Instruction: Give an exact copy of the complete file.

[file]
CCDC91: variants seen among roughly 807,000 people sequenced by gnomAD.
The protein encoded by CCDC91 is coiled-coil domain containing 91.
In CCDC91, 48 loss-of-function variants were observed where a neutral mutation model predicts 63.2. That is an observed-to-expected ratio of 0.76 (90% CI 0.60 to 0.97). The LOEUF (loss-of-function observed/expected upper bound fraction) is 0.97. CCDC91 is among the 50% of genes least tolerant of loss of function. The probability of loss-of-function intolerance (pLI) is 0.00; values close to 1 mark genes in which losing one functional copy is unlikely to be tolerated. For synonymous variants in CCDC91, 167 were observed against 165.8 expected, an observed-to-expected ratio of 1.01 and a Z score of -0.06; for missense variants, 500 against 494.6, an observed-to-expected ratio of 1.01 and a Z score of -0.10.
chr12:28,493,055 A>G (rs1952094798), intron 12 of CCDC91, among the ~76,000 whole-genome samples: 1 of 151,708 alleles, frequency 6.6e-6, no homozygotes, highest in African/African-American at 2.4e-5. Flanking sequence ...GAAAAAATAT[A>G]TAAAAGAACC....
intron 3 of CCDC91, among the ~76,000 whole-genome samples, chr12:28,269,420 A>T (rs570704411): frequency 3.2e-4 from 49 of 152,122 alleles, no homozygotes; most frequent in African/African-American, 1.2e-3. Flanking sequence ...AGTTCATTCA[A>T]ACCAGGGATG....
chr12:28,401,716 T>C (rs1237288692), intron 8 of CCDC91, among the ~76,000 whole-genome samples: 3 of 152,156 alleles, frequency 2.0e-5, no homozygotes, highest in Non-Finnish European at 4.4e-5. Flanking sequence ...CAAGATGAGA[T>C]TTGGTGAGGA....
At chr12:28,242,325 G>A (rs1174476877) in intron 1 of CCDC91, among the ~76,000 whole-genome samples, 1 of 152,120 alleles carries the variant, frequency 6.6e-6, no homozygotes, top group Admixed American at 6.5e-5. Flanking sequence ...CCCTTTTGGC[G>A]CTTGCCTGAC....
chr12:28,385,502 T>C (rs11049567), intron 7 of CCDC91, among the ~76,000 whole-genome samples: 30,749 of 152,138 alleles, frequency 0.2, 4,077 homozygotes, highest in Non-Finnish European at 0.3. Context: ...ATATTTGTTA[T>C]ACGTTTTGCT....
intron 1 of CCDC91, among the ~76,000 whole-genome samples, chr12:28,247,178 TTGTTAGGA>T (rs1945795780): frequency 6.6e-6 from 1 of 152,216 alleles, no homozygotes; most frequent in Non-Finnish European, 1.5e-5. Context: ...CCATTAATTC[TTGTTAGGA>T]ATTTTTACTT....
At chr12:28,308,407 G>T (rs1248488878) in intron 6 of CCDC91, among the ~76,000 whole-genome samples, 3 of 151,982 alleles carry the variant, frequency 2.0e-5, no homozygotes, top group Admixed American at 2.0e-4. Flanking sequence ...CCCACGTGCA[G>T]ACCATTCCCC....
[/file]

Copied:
CCDC91: variants seen among roughly 807,000 people sequenced by gnomAD.
The protein encoded by CCDC91 is coiled-coil domain containing 91.
In CCDC91, 48 loss-of-function variants were observed where a neutral mutation model predicts 63.2. That is an observed-to-expected ratio of 0.76 (90% CI 0.60 to 0.97). The LOEUF (loss-of-function observed/expected upper bound fraction) is 0.97. CCDC91 is among the 50% of genes least tolerant of loss of function. The probability of loss-of-function intolerance (pLI) is 0.00; values close to 1 mark genes in which losing one functional copy is unlikely to be tolerated. For synonymous variants in CCDC91, 167 were observed against 165.8 expected, an observed-to-expected ratio of 1.01 and a Z score of -0.06; for missense variants, 500 against 494.6, an observed-to-expected ratio of 1.01 and a Z score of -0.10.
chr12:28,493,055 A>G (rs1952094798), intron 12 of CCDC91, among the ~76,000 whole-genome samples: 1 of 151,708 alleles, frequency 6.6e-6, no homozygotes, highest in African/African-American at 2.4e-5. Flanking sequence ...GAAAAAATAT[A>G]TAAAAGAACC....
intron 3 of CCDC91, among the ~76,000 whole-genome samples, chr12:28,269,420 A>T (rs570704411): frequency 3.2e-4 from 49 of 152,122 alleles, no homozygotes; most frequent in African/African-American, 1.2e-3. Flanking sequence ...AGTTCATTCA[A>T]ACCAGGGATG....
chr12:28,401,716 T>C (rs1237288692), intron 8 of CCDC91, among the ~76,000 whole-genome samples: 3 of 152,156 alleles, frequency 2.0e-5, no homozygotes, highest in Non-Finnish European at 4.4e-5. Flanking sequence ...CAAGATGAGA[T>C]TTGGTGAGGA....
At chr12:28,242,325 G>A (rs1174476877) in intron 1 of CCDC91, among the ~76,000 whole-genome samples, 1 of 152,120 alleles carries the variant, frequency 6.6e-6, no homozygotes, top group Admixed American at 6.5e-5. Flanking sequence ...CCCTTTTGGC[G>A]CTTGCCTGAC....
chr12:28,385,502 T>C (rs11049567), intron 7 of CCDC91, among the ~76,000 whole-genome samples: 30,749 of 152,138 alleles, frequency 0.2, 4,077 homozygotes, highest in Non-Finnish European at 0.3. Context: ...ATATTTGTTA[T>C]ACGTTTTGCT....
intron 1 of CCDC91, among the ~76,000 whole-genome samples, chr12:28,247,178 TTGTTAGGA>T (rs1945795780): frequency 6.6e-6 from 1 of 152,216 alleles, no homozygotes; most frequent in Non-Finnish European, 1.5e-5. Context: ...CCATTAATTC[TTGTTAGGA>T]ATTTTTACTT....
At chr12:28,308,407 G>T (rs1248488878) in intron 6 of CCDC91, among the ~76,000 whole-genome samples, 3 of 151,982 alleles carry the variant, frequency 2.0e-5, no homozygotes, top group Admixed American at 2.0e-4. Flanking sequence ...CCCACGTGCA[G>T]ACCATTCCCC....